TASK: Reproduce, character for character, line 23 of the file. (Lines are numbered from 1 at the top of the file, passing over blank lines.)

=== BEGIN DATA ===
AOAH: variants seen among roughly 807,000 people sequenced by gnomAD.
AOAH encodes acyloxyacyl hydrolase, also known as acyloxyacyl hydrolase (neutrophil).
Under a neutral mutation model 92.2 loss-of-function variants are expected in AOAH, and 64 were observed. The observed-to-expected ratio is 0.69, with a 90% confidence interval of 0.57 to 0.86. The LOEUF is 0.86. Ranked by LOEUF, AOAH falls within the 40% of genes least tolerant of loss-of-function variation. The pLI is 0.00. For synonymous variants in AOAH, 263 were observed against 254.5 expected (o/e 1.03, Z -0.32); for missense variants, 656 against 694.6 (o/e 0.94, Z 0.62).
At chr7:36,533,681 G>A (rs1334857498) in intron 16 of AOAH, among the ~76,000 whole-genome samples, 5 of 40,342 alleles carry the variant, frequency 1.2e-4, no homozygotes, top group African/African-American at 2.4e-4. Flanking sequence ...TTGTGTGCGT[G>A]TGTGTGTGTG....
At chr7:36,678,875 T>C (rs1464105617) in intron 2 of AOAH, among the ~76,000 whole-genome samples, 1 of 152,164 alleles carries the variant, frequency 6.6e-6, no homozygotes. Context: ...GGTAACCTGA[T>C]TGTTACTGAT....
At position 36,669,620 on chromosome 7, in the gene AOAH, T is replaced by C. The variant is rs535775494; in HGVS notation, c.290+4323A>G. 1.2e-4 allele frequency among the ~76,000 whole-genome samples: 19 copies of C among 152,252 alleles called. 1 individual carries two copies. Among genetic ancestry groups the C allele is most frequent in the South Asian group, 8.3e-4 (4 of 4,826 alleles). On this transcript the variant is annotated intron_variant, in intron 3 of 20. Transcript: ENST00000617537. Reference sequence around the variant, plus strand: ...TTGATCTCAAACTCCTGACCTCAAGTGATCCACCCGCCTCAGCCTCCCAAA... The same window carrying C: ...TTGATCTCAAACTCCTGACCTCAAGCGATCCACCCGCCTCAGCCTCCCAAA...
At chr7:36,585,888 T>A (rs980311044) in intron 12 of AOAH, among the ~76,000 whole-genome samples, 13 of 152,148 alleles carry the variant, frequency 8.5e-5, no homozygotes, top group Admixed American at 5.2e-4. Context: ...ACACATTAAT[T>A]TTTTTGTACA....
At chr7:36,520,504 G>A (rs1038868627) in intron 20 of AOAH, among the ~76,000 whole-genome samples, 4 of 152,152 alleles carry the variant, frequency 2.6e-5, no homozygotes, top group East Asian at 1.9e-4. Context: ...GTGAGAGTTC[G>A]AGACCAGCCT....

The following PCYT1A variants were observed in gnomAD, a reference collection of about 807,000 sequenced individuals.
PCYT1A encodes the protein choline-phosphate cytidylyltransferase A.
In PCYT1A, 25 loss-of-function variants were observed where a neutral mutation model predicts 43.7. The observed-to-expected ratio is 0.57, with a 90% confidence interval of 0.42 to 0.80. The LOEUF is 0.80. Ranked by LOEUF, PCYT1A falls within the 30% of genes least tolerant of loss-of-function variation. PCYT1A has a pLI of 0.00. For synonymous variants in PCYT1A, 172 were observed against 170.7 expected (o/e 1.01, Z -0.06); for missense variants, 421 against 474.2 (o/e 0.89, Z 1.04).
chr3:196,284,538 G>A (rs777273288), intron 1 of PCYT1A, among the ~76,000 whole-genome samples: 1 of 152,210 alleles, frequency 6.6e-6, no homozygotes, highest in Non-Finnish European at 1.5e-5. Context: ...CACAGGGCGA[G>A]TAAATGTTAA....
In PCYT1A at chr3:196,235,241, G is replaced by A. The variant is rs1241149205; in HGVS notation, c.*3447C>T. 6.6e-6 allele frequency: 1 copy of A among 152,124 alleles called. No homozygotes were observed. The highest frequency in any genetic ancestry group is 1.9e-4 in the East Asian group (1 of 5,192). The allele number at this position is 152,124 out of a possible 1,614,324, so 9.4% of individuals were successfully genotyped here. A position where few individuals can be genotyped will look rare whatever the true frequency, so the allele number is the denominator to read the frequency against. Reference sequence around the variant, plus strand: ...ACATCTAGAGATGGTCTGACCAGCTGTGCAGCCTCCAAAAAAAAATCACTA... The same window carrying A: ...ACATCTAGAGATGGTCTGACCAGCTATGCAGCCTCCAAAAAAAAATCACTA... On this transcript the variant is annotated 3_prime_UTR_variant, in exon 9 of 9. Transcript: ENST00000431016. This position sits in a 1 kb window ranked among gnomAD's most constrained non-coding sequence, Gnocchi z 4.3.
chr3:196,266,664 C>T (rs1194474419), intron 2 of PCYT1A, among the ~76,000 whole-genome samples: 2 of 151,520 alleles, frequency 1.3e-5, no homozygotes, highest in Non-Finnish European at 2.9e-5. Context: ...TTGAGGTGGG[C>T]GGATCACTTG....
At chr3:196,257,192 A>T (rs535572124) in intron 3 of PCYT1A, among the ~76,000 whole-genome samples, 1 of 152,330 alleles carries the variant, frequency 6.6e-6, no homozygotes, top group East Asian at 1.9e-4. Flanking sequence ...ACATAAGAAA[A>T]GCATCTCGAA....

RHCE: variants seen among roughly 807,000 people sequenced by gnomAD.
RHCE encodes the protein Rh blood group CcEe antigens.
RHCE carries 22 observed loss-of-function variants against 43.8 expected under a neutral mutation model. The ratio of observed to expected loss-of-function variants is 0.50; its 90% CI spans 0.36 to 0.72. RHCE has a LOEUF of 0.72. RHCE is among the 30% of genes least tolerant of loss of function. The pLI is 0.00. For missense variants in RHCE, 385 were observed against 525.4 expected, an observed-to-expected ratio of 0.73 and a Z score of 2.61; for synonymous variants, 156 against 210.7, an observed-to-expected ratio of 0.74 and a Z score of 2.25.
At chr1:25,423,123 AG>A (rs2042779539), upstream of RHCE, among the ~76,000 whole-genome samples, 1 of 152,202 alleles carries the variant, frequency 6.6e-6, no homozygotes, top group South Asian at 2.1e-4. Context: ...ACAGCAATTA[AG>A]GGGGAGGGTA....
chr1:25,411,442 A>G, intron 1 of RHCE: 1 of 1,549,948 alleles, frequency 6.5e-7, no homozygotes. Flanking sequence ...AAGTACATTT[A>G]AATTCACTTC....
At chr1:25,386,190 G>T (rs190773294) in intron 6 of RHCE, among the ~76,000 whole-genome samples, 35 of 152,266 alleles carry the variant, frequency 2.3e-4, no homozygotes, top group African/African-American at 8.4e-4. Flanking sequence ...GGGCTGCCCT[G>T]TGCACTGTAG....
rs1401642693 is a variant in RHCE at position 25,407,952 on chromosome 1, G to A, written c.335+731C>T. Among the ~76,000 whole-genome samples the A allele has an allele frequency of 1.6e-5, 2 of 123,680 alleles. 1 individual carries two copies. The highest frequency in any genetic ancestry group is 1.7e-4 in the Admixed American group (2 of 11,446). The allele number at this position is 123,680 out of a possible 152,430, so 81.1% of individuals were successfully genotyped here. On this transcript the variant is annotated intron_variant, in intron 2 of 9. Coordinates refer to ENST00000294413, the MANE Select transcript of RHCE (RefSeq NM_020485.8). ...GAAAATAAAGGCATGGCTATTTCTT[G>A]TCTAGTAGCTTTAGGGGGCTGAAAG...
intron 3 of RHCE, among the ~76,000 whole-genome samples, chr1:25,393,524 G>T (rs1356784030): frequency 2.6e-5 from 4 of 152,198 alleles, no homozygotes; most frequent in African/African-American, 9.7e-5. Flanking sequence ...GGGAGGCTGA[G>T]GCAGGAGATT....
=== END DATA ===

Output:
intron 3 of RHCE, among the ~76,000 whole-genome samples, chr1:25,393,524 G>T (rs1356784030): frequency 2.6e-5 from 4 of 152,198 alleles, no homozygotes; most frequent in African/African-American, 9.7e-5. Flanking sequence ...GGGAGGCTGA[G>T]GCAGGAGATT....